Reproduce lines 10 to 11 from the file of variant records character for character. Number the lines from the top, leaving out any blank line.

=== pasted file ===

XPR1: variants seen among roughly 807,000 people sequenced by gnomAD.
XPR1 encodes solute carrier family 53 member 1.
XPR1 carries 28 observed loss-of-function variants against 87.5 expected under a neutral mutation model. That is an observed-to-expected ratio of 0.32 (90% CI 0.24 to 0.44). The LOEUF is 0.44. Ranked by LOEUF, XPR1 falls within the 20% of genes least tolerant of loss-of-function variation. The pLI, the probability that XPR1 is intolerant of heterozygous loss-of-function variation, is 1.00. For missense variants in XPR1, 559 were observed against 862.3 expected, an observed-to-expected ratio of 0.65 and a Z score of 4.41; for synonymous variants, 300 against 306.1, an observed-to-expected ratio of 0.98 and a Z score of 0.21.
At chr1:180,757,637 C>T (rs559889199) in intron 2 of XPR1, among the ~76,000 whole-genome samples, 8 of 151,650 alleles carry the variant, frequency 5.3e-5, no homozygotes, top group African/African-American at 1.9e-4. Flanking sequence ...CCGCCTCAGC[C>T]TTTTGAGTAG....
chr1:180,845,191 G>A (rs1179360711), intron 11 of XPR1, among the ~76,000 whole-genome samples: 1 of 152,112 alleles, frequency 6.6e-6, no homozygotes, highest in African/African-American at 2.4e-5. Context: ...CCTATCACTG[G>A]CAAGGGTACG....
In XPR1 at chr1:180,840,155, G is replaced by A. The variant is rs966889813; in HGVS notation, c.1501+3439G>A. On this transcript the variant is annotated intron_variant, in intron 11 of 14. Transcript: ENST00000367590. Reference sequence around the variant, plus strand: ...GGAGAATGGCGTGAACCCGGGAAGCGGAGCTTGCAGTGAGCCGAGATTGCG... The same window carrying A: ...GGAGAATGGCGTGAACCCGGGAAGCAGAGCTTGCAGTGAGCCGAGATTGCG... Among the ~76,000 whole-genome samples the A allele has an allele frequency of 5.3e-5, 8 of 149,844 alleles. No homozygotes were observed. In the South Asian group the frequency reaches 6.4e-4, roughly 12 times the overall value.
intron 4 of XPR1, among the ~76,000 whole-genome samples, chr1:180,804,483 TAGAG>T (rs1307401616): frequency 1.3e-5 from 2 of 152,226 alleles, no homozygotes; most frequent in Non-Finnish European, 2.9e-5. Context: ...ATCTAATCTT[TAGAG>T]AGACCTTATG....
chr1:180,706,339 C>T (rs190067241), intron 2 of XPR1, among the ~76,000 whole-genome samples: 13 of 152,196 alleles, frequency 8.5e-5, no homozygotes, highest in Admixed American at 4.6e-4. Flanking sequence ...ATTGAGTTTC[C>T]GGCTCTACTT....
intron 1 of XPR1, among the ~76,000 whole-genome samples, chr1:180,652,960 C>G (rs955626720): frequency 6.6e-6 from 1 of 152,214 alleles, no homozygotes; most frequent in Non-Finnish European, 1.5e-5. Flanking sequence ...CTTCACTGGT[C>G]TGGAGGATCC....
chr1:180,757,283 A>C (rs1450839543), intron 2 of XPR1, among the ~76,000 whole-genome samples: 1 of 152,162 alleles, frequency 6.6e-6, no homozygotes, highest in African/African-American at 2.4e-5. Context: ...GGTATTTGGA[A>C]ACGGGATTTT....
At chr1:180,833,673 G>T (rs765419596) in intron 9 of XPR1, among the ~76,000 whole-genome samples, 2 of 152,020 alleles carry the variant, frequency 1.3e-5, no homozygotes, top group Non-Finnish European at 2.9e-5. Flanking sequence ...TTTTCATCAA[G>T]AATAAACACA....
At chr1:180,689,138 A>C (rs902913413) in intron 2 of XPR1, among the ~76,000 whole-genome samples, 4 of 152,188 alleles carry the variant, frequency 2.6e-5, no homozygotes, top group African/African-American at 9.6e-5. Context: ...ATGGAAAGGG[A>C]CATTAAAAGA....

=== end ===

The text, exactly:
chr1:180,757,283 A>C (rs1450839543), intron 2 of XPR1, among the ~76,000 whole-genome samples: 1 of 152,162 alleles, frequency 6.6e-6, no homozygotes, highest in African/African-American at 2.4e-5. Context: ...GGTATTTGGA[A>C]ACGGGATTTT....
At chr1:180,833,673 G>T (rs765419596) in intron 9 of XPR1, among the ~76,000 whole-genome samples, 2 of 152,020 alleles carry the variant, frequency 1.3e-5, no homozygotes, top group Non-Finnish European at 2.9e-5. Flanking sequence ...TTTTCATCAA[G>T]AATAAACACA....